Transparency and Discretion

I recently had the good fortune to attend a seminar for new presidents. The presidents came from a diverse set of institutions across the country. The discussions with fellow presidents enlightened and encouraged me. Presidents shared many funny or challenging stories of their early days at their institutions. The entire time I listened, I kept thinking what great material this would make for readers of Don’s Desk. We had a rule at the seminar, however, that what was said in the room stayed in the room.

I aspire to foster transparency in my leadership of the College. This often runs head long into the need to be discrete.

My wife and I have a similar challenge in our discussions. Given the nature of her past and current positions, she has information that would be highly inappropriate for me to share with anyone. We have solved this nicely by her not telling me anything, and me not listening to her. I don’t believe this solution transfers to my leadership of the College.

I admit that I was surprised by the level of transparency demanded by our faculty. In one of my early discussions with faculty council, I found my comments reported on the Harold Lounge shortly afterward. I don’t fault the faculty council for posting the remarks. I didn’t say anything I wouldn’t say openly. The context of some remarks, however, was important. It made me more mindful that I need to put my remarks into an proper context. What I intend to be ironic does not necessarily translate to the Lounge when reported verbatim. And while some have criticized my humor to be so dry it desiccates, it still comes off better in person than in print.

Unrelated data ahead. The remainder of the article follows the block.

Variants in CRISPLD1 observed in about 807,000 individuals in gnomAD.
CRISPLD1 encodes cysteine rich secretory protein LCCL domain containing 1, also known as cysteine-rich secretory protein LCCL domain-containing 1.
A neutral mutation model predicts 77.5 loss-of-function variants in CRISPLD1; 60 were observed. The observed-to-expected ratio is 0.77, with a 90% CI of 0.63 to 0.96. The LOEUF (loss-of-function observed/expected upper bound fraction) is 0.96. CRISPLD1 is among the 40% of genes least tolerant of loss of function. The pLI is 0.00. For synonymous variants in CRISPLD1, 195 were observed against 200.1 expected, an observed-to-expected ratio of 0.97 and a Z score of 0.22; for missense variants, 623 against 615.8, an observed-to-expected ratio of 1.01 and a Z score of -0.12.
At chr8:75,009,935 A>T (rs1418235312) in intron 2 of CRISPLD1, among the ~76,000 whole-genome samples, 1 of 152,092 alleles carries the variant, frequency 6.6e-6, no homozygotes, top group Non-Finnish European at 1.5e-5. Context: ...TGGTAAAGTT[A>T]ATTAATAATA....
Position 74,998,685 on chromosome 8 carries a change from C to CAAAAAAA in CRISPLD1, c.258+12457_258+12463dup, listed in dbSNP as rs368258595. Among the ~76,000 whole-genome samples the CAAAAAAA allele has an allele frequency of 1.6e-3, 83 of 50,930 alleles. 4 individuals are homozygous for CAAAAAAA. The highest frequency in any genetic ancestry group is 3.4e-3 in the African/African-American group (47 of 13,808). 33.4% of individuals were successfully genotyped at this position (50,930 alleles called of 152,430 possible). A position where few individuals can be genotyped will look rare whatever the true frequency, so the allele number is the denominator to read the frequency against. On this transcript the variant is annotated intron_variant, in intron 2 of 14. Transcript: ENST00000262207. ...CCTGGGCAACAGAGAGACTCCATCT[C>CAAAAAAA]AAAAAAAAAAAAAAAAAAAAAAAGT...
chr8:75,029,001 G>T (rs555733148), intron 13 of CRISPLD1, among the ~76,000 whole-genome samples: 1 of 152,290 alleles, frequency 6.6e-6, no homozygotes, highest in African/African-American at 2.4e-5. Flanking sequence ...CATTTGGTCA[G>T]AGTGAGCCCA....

Similarly, the recent search process demanded a level of transparency on the process, but discretion about the candidates and our discussions of their strengths and weaknesses. Some faculty demanded greater transparency. With due respect to the candidates, I was not willing to share.

I am searching for the right balance. I am guided by a few principles. The first is the front page rule – am I comfortable with this comment appearing on the front page of the New York Times (or more likely, The Herald)? Second, what is my intent in sharing the information? Pure intentions support more information sharing. Reporting results of a high-level meeting to make myself look good is not pure. Sharing information that directly affects how someone can do their job is pure. Finally, would the information, if shared, hurt someone else? This includes both those great stories told in confidence at a seminar and open, honest discussions about a job interviewer’s performance in an interview.

I welcome suggestions from readers on where I ought to be more transparent, or on where more transparency would help the college.

Published by Don Laackman

Leader with higher education, non-profit and private-sector consulting experience.

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